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SEC Approves Changes to Its Whistleblower Program

This week, in a 3-2 vote, the U.S. Securities and Exchange Commission (“SEC” or the “Commission”) approved significant changes to the rules governing its whistleblower program.  The program, established by the Dodd-Frank Act in 2011, incentivizes those with information about possible securities law violations to report to the SEC.  If the tipster provides “high-quality original information” that leads to an enforcement action where monetary sanctions exceed $1 million, the SEC will award a bounty equal to 10 to 30 percent of the sanctions.  According to the SEC, whistleblower reports have already led to enforcement actions ordering over $2.5 billion in financial remedies and resulting in more than $500…

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The White House Directs Federal Agencies to Focus on Fairness in Investigations and Enforcement

On May 19, 2020, in response to the COVID-19 pandemic, President Trump signed Executive Order 13924, to provide regulatory relief for entities economically impacted by the pandemic.  Section 6 of the Executive Order directed agencies to revise their procedures and practices in administrative investigations and enforcement in light of certain enumerated principles of fairness.  It also required the Director of the Office of Management and Budget (OMB), in consultation with the Assistant to the President for Domestic Policy and the Assistant to the President for Economic Policy, to issue memoranda needed to guide implementation of the EO.  On August 31, 2020, OMB issued such a memorandum, providing guidance…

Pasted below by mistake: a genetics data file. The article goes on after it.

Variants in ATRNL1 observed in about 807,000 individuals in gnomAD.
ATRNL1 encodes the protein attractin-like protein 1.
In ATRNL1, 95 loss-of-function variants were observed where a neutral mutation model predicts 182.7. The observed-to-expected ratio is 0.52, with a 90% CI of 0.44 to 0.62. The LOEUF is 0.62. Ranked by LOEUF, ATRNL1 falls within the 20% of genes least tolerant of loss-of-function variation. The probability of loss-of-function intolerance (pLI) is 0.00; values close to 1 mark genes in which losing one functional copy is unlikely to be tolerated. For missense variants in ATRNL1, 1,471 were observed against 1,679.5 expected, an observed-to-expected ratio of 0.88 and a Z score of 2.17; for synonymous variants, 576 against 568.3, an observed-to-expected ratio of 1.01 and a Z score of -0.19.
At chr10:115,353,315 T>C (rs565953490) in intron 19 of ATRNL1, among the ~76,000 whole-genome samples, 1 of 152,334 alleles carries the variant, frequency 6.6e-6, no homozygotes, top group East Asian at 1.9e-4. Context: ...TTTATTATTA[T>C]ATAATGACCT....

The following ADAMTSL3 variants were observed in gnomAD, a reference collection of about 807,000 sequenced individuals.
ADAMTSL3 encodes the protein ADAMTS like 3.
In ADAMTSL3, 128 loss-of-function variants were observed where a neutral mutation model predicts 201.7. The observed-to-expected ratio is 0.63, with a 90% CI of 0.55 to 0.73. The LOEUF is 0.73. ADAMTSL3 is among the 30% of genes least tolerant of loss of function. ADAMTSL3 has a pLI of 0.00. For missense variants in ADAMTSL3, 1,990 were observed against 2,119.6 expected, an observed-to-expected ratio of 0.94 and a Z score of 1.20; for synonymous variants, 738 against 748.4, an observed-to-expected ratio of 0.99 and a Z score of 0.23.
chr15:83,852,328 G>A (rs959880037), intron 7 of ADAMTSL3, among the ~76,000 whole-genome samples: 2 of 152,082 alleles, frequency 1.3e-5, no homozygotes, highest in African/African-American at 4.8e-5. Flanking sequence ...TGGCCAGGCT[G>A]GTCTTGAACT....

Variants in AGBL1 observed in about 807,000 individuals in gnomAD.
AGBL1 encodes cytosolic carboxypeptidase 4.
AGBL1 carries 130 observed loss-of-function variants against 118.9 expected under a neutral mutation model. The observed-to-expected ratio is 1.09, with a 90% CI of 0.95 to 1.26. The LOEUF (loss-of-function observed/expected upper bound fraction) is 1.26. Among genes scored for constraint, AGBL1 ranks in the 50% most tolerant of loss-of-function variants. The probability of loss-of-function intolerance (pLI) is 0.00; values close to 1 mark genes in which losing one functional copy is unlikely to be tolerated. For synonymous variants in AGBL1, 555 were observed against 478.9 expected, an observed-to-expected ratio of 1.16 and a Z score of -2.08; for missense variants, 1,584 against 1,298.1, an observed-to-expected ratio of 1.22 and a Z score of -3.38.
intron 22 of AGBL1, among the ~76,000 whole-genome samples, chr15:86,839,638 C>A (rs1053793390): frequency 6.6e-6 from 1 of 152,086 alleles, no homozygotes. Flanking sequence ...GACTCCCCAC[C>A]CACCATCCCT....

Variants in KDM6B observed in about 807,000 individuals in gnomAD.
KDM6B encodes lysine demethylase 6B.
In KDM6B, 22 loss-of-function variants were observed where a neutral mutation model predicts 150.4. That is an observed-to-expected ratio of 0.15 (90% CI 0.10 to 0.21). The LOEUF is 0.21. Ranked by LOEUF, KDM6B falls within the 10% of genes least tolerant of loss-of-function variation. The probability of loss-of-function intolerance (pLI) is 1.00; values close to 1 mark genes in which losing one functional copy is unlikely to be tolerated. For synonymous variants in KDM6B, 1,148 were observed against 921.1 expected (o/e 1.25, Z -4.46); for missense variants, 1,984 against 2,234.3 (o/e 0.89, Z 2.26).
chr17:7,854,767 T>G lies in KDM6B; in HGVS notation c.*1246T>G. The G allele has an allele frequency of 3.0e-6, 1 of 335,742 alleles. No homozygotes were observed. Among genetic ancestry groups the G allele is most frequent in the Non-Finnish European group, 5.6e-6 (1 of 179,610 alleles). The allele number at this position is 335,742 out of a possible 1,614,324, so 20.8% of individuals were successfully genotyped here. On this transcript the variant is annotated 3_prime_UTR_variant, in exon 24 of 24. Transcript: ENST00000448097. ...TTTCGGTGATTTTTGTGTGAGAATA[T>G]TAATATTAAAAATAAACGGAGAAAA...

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FinCEN’s New Rule Impacts Banks Lacking a Federal Functional Regulator

On September 14, 2020, the U.S. Department of the Treasury’s Financial Crimes Enforcement Network (“FinCEN”) issued a final rule  (“Rule”) requiring the minimum standards for anti-money laundering programs for certain institutions lacking a Federal functional regulator.  The Rule applies to banks that lack a Federal functional regulator, including, but not limited to, private banks, privately insured credit unions, and certain trust companies. The Rule also extends customer identification program and beneficial ownership requirements to those institutions. FinCEN noted that it expected that banks lacking a Federal functional regulator “will be able to leverage existing policies, procedures, and internal controls required by other statutory and regulatory requirements to fulfill…

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DOJ and SEC Release Second Edition to FCPA Resource Guide

The Department of Justice (DOJ) and the Securities and Exchange Commission (SEC) quietly released updated guidance on the Foreign Corrupt Practices Act (FCPA) before the Fourth of July holiday weekend.  Entitled A Resource Guide to the U.S. Foreign Corrupt Practices Act, Second Edition[1] (“Guide”), the Guide is the first update to the original document published in November 2012. Corporate compliance counsel will note that nothing within the Guide comes as a surprise.  The Guide is not a new document, but rather an update of well-known principles that takes into account the enforcement actions, caselaw, and government interpretations that have been issued since 2012. The Guide is one of…